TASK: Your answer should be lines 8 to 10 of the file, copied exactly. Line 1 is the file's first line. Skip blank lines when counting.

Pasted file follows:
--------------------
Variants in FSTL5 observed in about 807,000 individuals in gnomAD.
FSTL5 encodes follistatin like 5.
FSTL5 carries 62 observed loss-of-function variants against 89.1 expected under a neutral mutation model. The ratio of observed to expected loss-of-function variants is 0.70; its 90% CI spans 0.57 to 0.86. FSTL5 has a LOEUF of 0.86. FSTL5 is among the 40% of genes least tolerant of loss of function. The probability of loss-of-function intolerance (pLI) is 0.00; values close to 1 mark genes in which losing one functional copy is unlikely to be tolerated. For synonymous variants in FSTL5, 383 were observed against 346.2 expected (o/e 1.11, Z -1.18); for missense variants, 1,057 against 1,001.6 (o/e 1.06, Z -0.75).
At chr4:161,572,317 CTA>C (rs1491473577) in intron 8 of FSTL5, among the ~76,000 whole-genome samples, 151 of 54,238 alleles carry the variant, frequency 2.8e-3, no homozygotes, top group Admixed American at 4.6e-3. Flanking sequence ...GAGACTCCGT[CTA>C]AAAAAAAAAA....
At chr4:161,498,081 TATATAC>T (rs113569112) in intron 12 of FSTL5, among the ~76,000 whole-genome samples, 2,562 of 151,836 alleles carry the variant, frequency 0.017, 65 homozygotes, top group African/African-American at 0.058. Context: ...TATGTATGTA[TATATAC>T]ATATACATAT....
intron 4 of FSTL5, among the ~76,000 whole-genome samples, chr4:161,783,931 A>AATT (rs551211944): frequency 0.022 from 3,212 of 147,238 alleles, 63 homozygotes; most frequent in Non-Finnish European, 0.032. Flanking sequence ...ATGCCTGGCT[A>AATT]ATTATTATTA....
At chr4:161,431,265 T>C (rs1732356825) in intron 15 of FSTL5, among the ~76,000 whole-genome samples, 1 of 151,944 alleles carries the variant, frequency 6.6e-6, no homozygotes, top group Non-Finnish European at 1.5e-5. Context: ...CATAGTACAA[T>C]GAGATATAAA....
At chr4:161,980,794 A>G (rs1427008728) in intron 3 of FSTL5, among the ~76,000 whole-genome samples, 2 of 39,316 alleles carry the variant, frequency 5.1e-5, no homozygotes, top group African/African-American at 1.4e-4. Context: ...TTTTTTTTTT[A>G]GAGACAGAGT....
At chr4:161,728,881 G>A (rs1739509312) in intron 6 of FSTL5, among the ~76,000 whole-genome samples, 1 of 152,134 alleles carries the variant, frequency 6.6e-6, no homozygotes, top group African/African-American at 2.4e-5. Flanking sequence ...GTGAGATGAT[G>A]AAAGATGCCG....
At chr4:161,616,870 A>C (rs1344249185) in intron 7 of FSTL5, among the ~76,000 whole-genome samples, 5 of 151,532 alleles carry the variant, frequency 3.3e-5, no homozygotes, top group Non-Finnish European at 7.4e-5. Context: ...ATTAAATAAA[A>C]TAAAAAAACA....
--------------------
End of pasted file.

At chr4:161,980,794 A>G (rs1427008728) in intron 3 of FSTL5, among the ~76,000 whole-genome samples, 2 of 39,316 alleles carry the variant, frequency 5.1e-5, no homozygotes, top group African/African-American at 1.4e-4. Context: ...TTTTTTTTTT[A>G]GAGACAGAGT....
At chr4:161,728,881 G>A (rs1739509312) in intron 6 of FSTL5, among the ~76,000 whole-genome samples, 1 of 152,134 alleles carries the variant, frequency 6.6e-6, no homozygotes, top group African/African-American at 2.4e-5. Flanking sequence ...GTGAGATGAT[G>A]AAAGATGCCG....
At chr4:161,616,870 A>C (rs1344249185) in intron 7 of FSTL5, among the ~76,000 whole-genome samples, 5 of 151,532 alleles carry the variant, frequency 3.3e-5, no homozygotes, top group Non-Finnish European at 7.4e-5. Context: ...ATTAAATAAA[A>C]TAAAAAAACA....